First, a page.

Of Kew Laddie's early wins in America, in 1907, Caro Smith-Senour of California writes:
"Champion Kew Laddie…is a deep cream-colored cat, the rich Jersey cream that only real country-folks ever see. He came to America when only nine months old, and at ten months of age he entered the show given by the Beresford Club, and won first prize in a class of seven. Each year he has gone on winning, until his prizes are innumerable. He is one of the finest cats in America, and his sunny disposition endears him to everyone. He has never been known to growl, scratch, or bite, and any one may handle him with safety; he is just as willing to lie on his back as to be 'right side up with care'4.
Kew Laddie contributed extensively to a number of catteries and the list of his progeny and subsequent grandchildren would be too long to elaborate in this forum. But a few notables are:
And reported in 'American Notes' on pg 710 of the July 4th 1903 edition of 'Our Cats': "Miss Johnstone's Victorine has five beautiful creams from her Kew Laddie."3
Of 'Jessica Kew' we have three written records, one from Frances Simpson (1903) which also quotes from Mrs Clinton Locke, another quote direct from Mrs Clinton Locke that appeared in The Ladies Field (1903), and another from Caro Smith-Senour (1907):
Miss Simpson notes in The Book of the Cat(1903):
'The picture of a perfect kitten on the opening page of this chapter represents a cream female, 'Jessica Kew,' bred by Mrs Clinton Locke, from 'Lockehaven Daffodil' sired by Miss Johnstone's Laddie Kew. Mrs Clinton Locke is justly proud of this lovely kitten, and writes: 'Jessica is the finest kitten I have ever seen; all her points are perfect. She was five weeks old when this photo was taken. Her grandfather was my 'Victor', an orange, and her great-grandmother a tortoiseshell-and-white.'1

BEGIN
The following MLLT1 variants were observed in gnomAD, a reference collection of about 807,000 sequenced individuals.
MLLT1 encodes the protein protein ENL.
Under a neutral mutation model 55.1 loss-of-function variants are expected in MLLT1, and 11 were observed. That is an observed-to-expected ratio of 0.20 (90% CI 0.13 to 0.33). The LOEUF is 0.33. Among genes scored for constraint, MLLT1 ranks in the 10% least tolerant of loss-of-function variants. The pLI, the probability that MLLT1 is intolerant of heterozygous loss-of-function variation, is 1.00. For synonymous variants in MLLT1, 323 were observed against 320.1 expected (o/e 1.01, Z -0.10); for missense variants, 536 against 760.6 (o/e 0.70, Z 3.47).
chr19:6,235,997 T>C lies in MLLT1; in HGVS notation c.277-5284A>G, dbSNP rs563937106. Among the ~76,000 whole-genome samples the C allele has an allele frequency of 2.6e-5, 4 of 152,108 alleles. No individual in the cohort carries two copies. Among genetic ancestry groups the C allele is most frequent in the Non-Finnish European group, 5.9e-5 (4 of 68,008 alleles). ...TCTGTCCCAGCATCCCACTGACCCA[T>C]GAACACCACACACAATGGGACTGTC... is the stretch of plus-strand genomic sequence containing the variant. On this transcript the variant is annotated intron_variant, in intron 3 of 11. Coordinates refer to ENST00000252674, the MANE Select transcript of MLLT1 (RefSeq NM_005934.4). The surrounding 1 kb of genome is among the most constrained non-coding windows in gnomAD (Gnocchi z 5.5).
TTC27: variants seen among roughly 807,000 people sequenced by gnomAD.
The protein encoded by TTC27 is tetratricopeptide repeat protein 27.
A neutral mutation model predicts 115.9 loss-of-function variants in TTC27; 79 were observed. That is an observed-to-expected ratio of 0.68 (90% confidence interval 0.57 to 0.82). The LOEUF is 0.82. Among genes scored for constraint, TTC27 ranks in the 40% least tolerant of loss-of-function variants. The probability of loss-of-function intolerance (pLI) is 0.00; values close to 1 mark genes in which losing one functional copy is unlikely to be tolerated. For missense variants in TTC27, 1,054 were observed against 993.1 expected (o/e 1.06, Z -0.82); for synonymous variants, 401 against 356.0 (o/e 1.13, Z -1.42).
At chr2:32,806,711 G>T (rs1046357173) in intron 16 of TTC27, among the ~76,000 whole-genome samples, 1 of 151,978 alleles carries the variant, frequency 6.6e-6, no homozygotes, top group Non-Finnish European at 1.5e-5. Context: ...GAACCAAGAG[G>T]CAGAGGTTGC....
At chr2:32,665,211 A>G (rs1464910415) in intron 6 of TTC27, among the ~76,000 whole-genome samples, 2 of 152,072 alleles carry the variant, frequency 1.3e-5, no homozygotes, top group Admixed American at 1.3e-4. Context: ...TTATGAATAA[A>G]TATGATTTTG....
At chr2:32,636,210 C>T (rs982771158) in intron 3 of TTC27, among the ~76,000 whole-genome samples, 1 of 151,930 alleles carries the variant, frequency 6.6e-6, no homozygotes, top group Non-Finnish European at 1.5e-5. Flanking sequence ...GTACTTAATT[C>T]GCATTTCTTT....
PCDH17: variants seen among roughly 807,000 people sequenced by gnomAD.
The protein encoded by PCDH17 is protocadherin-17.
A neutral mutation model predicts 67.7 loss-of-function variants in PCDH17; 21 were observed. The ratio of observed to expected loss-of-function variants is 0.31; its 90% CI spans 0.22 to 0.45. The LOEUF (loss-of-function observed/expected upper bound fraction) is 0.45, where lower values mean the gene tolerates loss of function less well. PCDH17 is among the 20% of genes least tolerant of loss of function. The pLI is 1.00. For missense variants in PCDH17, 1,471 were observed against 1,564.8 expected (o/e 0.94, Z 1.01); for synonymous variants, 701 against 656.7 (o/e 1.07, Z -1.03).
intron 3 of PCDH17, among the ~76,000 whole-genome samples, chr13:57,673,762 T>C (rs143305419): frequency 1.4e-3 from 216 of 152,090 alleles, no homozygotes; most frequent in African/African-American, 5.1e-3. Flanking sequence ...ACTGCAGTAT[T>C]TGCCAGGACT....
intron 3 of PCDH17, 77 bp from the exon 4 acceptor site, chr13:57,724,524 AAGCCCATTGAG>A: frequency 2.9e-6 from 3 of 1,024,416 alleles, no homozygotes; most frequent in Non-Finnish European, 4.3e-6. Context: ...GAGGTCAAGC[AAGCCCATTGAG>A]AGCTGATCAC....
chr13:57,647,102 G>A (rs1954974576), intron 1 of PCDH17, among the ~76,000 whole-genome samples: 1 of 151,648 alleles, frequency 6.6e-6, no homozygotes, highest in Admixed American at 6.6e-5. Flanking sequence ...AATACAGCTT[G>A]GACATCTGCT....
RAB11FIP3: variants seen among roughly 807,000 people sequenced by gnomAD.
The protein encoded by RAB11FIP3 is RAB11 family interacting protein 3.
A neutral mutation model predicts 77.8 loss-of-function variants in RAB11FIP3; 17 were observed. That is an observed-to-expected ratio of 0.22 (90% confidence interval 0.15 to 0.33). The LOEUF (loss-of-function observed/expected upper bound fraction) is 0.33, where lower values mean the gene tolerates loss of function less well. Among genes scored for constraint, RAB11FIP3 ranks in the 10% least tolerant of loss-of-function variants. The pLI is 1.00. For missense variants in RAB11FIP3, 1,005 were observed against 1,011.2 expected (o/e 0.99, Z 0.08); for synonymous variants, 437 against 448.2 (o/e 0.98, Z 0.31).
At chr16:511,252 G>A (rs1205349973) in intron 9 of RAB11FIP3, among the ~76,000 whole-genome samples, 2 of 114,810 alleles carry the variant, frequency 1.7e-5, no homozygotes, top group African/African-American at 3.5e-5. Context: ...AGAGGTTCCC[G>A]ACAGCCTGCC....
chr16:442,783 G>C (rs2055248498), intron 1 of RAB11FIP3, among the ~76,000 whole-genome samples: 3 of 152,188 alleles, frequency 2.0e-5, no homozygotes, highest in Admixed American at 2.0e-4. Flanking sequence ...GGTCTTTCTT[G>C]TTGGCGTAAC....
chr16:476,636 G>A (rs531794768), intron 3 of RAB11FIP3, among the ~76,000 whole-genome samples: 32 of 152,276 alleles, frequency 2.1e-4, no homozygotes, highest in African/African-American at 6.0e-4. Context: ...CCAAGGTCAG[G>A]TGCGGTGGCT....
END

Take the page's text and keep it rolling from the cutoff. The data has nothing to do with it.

Mrs Locke is quoted from again, by 'Dick Whittington' in the June 1903 issue of The Ladies Field:
"I send you a photograph of a wonderful kitten I bred and presented to Miss Johnstone,-Jessica Kew, a perfect cream - sire, Kew Laddie, dam, my Daffodil. Jessica was her first kitten, and I have never seen anything finer in England. She was only five weeks old when the picture was taken, and I was very proud of her. I gave her away, as I did many of my cats, on account of prolonged absence from home and ill health.3
And lastly, the sad but final story of what happened to Jessica Kew, from the pen of Caro Smith-Senour (1907):
"Jessica Kew, was 'Kew Laddie's' first little daughter, and you will notice from her tiny picture in the frame surrounded by her papa's prizes and cups, that she was a little beauty. This dear little puss met the same fate as many other darlings. Accidentally a door was closed upon her by the maid and her innocent life taken when she was still a little roll of cream-color loveliness. At her first and only show, where she appeared with her mama, Lady Daffodil, only the wires of the cage-front saved her from having her life lovingly squeezed out of her; for each one of her multitude of admirers 'just wanted to take her in their hands a minute.' She is still remembered well, and by those who know about 'points' and such things, her 'type', color, and wonderful coat are recalled as models of what a cream kitten should be.4
Registers associated with this article include The Incorporated Cat Fanciers Association of Great Britain (TICFAGB), National Cat Club (NCC), The Cat Club (CCR), Beresford Cat Club (BCC), Feline Federation Francaise (FFF), Siamese Cat Registry (SCR), US Register & Studbook for Cats (USR)including Supplement(USRS), The Studbook of the American Cat Association (ACA), and the Studbook & Register of the Cat Fanciers' Association (CFA).